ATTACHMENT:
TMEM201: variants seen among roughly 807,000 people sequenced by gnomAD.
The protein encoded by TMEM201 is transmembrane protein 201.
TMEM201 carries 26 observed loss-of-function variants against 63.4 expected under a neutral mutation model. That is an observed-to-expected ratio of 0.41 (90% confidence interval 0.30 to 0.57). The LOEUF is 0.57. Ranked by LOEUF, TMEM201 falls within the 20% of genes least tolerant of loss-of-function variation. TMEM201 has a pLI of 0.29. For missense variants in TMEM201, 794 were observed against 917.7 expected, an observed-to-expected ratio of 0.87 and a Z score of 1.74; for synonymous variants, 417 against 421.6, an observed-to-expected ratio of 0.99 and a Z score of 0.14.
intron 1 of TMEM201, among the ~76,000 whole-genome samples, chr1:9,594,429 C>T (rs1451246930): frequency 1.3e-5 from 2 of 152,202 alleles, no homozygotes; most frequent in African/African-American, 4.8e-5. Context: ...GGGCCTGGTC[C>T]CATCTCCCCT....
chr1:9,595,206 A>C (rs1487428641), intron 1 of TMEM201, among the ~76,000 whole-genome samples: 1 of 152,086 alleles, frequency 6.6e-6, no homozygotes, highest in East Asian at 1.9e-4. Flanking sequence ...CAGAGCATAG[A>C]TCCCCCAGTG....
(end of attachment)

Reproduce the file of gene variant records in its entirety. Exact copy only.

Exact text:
TMEM201: variants seen among roughly 807,000 people sequenced by gnomAD.
The protein encoded by TMEM201 is transmembrane protein 201.
TMEM201 carries 26 observed loss-of-function variants against 63.4 expected under a neutral mutation model. That is an observed-to-expected ratio of 0.41 (90% confidence interval 0.30 to 0.57). The LOEUF is 0.57. Ranked by LOEUF, TMEM201 falls within the 20% of genes least tolerant of loss-of-function variation. TMEM201 has a pLI of 0.29. For missense variants in TMEM201, 794 were observed against 917.7 expected, an observed-to-expected ratio of 0.87 and a Z score of 1.74; for synonymous variants, 417 against 421.6, an observed-to-expected ratio of 0.99 and a Z score of 0.14.
intron 1 of TMEM201, among the ~76,000 whole-genome samples, chr1:9,594,429 C>T (rs1451246930): frequency 1.3e-5 from 2 of 152,202 alleles, no homozygotes; most frequent in African/African-American, 4.8e-5. Context: ...GGGCCTGGTC[C>T]CATCTCCCCT....
chr1:9,595,206 A>C (rs1487428641), intron 1 of TMEM201, among the ~76,000 whole-genome samples: 1 of 152,086 alleles, frequency 6.6e-6, no homozygotes, highest in East Asian at 1.9e-4. Flanking sequence ...CAGAGCATAG[A>C]TCCCCCAGTG....